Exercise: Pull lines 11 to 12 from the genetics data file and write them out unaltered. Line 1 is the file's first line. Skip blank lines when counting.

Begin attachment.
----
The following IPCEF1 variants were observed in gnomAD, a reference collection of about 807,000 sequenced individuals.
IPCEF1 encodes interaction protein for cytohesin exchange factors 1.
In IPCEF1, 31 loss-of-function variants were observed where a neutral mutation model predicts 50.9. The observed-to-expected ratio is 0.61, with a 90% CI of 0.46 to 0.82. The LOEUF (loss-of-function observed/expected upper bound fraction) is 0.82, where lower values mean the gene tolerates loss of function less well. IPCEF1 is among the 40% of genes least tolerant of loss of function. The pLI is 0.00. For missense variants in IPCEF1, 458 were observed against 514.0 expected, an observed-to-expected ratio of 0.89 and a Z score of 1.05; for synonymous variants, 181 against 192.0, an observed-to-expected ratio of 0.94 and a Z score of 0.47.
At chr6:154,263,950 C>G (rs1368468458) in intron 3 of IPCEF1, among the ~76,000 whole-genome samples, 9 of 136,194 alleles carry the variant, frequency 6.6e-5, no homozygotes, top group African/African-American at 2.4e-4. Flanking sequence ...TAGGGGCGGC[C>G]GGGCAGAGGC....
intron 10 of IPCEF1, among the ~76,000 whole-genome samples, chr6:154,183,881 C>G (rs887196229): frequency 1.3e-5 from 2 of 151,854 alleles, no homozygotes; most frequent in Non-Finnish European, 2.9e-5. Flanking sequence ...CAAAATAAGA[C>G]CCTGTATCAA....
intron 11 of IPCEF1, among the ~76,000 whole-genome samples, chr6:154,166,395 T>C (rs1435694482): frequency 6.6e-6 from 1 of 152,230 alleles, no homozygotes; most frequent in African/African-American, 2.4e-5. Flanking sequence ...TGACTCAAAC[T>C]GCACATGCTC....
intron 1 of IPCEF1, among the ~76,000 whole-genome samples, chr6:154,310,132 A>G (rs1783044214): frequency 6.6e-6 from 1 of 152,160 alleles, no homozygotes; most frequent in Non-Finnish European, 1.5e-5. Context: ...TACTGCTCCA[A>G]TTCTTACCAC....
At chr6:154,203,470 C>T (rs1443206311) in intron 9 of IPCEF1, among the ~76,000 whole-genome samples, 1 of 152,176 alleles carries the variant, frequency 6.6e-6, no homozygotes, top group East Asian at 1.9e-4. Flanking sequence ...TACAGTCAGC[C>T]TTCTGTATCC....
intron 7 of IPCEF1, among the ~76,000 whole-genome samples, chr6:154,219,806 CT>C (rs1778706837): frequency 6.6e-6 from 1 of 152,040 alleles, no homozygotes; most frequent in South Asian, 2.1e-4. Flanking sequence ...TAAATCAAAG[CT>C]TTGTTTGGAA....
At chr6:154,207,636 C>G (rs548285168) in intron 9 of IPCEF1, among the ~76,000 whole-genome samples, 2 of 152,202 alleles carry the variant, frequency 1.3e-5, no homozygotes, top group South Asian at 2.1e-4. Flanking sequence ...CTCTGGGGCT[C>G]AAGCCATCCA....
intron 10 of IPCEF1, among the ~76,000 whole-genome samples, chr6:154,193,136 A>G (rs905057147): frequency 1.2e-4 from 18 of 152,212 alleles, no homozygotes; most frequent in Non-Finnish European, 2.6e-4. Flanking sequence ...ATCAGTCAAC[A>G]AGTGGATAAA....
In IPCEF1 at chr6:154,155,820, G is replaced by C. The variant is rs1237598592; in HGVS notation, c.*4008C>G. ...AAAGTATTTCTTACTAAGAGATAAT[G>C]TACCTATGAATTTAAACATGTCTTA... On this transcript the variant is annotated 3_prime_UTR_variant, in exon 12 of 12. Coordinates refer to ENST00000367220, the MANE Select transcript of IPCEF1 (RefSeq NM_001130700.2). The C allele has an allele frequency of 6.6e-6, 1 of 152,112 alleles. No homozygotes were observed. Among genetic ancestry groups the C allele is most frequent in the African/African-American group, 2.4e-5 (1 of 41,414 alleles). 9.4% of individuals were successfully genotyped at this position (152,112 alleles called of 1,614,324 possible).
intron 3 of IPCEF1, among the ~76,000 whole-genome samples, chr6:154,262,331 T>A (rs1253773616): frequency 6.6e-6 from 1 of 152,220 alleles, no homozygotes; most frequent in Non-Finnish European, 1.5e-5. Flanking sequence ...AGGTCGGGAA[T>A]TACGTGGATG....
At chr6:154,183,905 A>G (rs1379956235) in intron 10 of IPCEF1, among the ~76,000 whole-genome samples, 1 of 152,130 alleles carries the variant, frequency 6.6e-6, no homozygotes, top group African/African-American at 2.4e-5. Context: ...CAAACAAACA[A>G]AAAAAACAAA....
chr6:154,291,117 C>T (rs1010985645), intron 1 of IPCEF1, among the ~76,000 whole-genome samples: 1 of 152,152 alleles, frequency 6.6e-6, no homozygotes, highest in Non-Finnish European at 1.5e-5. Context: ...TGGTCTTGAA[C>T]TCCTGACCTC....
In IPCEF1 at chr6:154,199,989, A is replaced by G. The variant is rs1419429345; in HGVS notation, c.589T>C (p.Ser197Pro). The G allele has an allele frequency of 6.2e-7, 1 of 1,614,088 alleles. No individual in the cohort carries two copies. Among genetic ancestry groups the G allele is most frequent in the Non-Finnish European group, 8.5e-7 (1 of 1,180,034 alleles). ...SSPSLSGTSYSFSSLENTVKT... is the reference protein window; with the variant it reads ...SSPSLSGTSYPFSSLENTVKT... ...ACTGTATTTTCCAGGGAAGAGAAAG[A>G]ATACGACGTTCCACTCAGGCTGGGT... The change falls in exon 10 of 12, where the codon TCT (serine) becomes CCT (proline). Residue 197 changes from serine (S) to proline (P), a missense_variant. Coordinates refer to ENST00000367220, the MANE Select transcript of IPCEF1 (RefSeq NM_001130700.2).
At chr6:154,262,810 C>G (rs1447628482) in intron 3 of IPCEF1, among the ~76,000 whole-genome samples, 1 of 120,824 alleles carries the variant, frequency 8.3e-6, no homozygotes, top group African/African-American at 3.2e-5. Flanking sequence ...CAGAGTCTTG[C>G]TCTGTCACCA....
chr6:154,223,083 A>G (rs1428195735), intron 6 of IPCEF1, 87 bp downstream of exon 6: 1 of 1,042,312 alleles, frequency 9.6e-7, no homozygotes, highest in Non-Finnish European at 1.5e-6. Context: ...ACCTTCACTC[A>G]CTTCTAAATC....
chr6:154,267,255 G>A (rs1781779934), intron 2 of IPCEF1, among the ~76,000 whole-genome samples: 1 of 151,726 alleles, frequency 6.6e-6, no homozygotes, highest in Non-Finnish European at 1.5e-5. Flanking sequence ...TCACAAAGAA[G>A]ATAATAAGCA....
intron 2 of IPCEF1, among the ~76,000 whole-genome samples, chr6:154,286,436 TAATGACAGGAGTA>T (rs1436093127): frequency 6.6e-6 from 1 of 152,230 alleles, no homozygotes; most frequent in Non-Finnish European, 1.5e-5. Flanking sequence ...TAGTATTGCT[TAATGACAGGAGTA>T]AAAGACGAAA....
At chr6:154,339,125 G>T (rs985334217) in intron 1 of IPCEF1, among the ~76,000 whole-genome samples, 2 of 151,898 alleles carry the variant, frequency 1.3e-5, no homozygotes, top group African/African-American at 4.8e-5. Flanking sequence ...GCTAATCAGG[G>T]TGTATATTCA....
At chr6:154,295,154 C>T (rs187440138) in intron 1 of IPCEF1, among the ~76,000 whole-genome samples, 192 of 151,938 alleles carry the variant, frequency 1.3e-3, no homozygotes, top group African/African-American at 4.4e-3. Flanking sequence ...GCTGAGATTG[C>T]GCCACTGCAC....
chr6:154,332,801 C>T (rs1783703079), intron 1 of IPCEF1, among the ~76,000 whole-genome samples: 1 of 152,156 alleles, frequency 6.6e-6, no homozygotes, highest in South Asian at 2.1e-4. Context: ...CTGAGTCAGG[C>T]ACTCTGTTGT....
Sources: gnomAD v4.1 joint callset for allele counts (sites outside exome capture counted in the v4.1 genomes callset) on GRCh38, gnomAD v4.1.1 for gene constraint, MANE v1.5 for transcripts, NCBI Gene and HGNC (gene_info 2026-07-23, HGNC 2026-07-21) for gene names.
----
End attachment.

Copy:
intron 10 of IPCEF1, among the ~76,000 whole-genome samples, chr6:154,193,136 A>G (rs905057147): frequency 1.2e-4 from 18 of 152,212 alleles, no homozygotes; most frequent in Non-Finnish European, 2.6e-4. Flanking sequence ...ATCAGTCAAC[A>G]AGTGGATAAA....
In IPCEF1 at chr6:154,155,820, G is replaced by C. The variant is rs1237598592; in HGVS notation, c.*4008C>G. ...AAAGTATTTCTTACTAAGAGATAAT[G>C]TACCTATGAATTTAAACATGTCTTA... On this transcript the variant is annotated 3_prime_UTR_variant, in exon 12 of 12. Coordinates refer to ENST00000367220, the MANE Select transcript of IPCEF1 (RefSeq NM_001130700.2). The C allele has an allele frequency of 6.6e-6, 1 of 152,112 alleles. No homozygotes were observed. Among genetic ancestry groups the C allele is most frequent in the African/African-American group, 2.4e-5 (1 of 41,414 alleles). 9.4% of individuals were successfully genotyped at this position (152,112 alleles called of 1,614,324 possible).